One of the primary concerns for those opposed to sleep training is the effect that the stress hormone cortisol has on a young and rapidly developing brain. High levels of cortisol are released during times of distress and trauma. Since sleep training methods such as CIO and controlled crying techniques such as the Ferber method intentionally leave babies in a state of distress for prolonged periods of time, babies who endure sleep training experience intense periods of time when cortisol floods their developing brains. Cortisol in small amounts is usually no problem, but in higher quantities, regular doses and in the vulnerable, developing brain of an infant it has the potential to cause lasting damage to the brain.
In one of the most famous studies on sleep training and cortisol levels (Middlemiss et al 2012), the researchers found that elevated levels of cortisol were present in infants long after any crying has ceased following a period of (extinction) training. This demonstrated that the babies had not learned to “self soothe” (which is what sleep training advocates claim to be part of the purpose) but instead remained distressed and yet had given up on crying – simply put, they had not learned to comfort themselves, they had just learned that no-one was coming to comfort them.
The long-term impact of cortisol on a developing brain remains unknown since there have been no long-term studies that have accurately and consistently demonstrated the consequences. However, multiple studies including the ones below have raised enough concerns about the harmful psychological impact of sleep training, crying or chronic stress that, for the sake of a few more hours of parental sleep, it hardly seems worth the gamble.
The possible long-term side effects of regular states of distress include stunted growth of the hippocampi (the area of the brain responsible for cognition and memory), chronic disease including lung and cardiovascular disease, and behavioural problems later in childhood. As a mother, I can categorically say that I would happily trade a full night’s sleep now in return for protecting my daughter from enduring any of these side effects in the future.
Kaufman, Joan & Charney, Dennis. (2001). Effects of early stress on brain structure and function: Implications for understanding the relationship between child maltreatment and depression. Development and psychopathology. 13. 451-71. 10.1017/S0954579401003030.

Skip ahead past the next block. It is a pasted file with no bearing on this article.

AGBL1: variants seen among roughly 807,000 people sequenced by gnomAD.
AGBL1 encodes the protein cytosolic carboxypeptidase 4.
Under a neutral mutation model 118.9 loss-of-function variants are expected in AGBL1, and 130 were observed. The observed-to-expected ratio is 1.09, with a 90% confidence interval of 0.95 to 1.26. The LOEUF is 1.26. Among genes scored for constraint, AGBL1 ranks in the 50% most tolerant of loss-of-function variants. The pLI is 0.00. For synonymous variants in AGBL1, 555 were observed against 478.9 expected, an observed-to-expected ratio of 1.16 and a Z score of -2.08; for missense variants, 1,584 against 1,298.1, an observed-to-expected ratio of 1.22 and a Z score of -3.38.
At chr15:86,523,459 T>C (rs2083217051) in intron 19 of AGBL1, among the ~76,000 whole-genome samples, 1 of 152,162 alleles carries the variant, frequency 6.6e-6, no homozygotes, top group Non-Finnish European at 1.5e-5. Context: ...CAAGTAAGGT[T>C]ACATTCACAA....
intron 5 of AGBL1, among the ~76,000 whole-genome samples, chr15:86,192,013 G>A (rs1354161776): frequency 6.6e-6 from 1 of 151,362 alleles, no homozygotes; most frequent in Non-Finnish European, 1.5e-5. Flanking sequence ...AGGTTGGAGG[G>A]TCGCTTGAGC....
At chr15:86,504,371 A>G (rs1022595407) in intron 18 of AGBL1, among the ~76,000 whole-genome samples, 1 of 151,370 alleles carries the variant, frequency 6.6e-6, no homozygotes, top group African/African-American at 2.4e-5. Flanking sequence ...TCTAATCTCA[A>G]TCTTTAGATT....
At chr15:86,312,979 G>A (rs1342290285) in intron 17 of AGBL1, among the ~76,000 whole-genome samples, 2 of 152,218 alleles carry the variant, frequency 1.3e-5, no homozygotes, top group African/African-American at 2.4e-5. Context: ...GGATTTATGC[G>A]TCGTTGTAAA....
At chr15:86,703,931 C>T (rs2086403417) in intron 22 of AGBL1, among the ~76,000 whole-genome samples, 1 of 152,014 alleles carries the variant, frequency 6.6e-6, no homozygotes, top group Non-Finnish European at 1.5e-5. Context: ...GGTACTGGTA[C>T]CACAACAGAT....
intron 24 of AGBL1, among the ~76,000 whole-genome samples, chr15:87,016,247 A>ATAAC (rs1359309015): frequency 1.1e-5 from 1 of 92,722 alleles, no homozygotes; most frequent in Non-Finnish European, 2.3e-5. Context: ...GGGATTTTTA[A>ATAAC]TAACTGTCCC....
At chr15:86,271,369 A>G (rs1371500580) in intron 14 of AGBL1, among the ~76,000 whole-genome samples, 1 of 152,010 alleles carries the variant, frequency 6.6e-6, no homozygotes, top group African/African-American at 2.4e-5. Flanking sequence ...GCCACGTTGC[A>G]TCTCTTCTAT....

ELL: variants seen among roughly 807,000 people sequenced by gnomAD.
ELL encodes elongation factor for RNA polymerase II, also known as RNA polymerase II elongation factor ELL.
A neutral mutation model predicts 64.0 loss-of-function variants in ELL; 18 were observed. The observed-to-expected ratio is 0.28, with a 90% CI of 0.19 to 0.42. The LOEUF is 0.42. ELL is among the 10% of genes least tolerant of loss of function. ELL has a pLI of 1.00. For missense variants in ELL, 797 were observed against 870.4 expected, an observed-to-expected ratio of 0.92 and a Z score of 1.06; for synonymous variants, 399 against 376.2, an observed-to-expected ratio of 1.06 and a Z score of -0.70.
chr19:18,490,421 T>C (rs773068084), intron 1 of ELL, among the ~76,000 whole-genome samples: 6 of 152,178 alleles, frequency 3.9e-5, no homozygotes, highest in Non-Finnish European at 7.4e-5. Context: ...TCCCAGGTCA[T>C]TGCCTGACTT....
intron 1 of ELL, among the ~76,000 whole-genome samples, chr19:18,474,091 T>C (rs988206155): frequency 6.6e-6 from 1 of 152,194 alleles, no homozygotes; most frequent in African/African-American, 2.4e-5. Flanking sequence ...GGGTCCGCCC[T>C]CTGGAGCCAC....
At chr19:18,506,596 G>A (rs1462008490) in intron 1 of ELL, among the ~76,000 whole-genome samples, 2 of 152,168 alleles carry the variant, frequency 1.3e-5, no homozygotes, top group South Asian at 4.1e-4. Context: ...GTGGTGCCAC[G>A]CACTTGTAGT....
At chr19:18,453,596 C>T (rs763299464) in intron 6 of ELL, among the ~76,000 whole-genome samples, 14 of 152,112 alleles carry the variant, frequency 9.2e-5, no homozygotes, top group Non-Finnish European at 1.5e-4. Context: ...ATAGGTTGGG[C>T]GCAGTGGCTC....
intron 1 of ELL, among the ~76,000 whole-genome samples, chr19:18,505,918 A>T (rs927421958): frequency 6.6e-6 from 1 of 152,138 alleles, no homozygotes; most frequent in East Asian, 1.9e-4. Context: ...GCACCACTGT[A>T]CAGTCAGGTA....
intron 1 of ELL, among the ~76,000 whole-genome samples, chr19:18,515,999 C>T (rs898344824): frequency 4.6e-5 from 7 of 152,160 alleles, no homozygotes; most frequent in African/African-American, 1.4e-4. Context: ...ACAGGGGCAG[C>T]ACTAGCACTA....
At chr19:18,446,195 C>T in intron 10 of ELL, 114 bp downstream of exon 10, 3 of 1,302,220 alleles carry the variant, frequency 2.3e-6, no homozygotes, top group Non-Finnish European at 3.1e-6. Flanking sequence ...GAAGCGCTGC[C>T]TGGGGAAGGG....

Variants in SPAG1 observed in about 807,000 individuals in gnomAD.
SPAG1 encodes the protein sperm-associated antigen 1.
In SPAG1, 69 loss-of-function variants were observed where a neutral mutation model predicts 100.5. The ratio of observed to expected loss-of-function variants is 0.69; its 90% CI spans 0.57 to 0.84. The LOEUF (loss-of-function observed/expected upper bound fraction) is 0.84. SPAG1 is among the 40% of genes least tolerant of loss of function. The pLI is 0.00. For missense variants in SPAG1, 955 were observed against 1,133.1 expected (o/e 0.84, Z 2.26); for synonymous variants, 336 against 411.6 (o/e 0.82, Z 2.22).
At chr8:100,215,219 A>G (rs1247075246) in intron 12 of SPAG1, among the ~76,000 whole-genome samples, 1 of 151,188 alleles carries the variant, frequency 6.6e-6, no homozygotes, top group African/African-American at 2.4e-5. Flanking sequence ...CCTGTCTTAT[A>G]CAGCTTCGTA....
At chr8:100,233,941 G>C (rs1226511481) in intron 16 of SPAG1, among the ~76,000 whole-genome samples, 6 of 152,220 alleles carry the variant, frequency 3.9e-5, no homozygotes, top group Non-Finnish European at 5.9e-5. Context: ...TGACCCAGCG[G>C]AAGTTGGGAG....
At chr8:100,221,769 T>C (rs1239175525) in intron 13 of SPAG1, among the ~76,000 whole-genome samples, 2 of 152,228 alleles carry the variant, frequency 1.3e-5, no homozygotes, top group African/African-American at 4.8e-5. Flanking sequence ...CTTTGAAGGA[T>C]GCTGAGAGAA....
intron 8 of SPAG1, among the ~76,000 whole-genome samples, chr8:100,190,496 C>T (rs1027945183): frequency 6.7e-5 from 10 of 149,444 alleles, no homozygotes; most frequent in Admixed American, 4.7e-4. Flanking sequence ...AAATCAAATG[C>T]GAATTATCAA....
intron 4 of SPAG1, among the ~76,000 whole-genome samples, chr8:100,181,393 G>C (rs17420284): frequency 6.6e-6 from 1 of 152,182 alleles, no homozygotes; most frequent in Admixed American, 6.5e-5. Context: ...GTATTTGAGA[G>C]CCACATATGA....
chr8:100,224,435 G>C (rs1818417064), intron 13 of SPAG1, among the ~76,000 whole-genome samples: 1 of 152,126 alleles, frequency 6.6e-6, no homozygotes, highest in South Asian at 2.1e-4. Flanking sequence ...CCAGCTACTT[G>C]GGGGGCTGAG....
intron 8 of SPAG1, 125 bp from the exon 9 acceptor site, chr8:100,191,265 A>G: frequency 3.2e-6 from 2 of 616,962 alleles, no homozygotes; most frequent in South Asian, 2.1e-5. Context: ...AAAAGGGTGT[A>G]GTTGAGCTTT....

Kyle J.J. McLachlan, Catharine R. Gale. (2018). The effects of psychological distress and its interaction with socioeconomic position on risk of developing four chronic diseases. Journal of Psychosomatic Research, Volume 109,Pages 79-85,
Middlemiss W, Granger DA, Goldberg WA, Nathans L. (2012). Asynchrony of mother-infant hypothalamic-pituitary-adrenal axis activity following extinction of infant crying responses induced during the transition to sleep. Early Human Development 88: 227-32.
Smarius, L., Strieder, T., Loomans, E., Doreleijers, T., Vrijkotte, T., Gemke, R. and van Eijsden, M. (2016). Excessive infant crying doubles the risk of mood and behavioral problems at age 5: evidence for mediation by maternal characteristics. European Child & Adolescent Psychiatry, [online] 26(3), pp.293-302.
2. Ignores your baby’s night-time needs
One of the goals of baby sleep training is to teach babies to “sleep through the night”. There are a couple of problems with this:
1) No-one “sleeps through the night”. Even adults have short periods of wakefulness at the end of their sleep cycle, but we generally don’t realise it.
We only wake fully and become aware of our waking if we have a problem that needs solving, for example needing to go to the toilet, feeling thirsty or needing to settle after having a bad dream. The main difference between us and babies is that we can fulfill our own night-time needs, which brings me to point number…
2) Just as babies need their carers to fulfill their daytime needs, so they need us to fulfill their night-time needs. These needs might be physiological such as feeling hungry or thirsty, needing a nappy change, or being too hot or cold, or they might be emotional. They may have had a bad dream but they don’t have the cognitive understanding or ability to tell themselves “it’s just a dream” like adults can. They might wake up wondering where their mother or father is and feel scared that they may have been abandoned.
From an evolutionary point of view, this is a very real and justified fear for a creature as utterly dependent and vulnerable as a human baby – for thousands of years, waking up in a dark cave in the middle of the night without their mother nearby could very much mean imminent death for an infant at risk from predators, starvation, freezing to death and so on. No wonder babies like sleeping near their mums: for them we are literally the difference between life and death. This is why it makes perfect sense to me that co-sleeping (sharing either a bed or simply a bedroom with babies and young children) is the societal norm for 90% of the world’s population, and the 200 year-old practice in Western society of trying to train babies to sleep independently is so unnatural and at odds with both mother and baby’s biological needs.
In aiming to artificially force an infant to sleep alone and through the night without asking for help when they need it, sleep training goes against the biologically normative and developmentally beneficial approach of being a responsive and nurturing caregiver. For decades, infant and child development specialists have shown that responsive caregiving which attends to a young infant’s needs as and when they arise (yes, even at 3 o’clock in the morning!) is the best approach to take.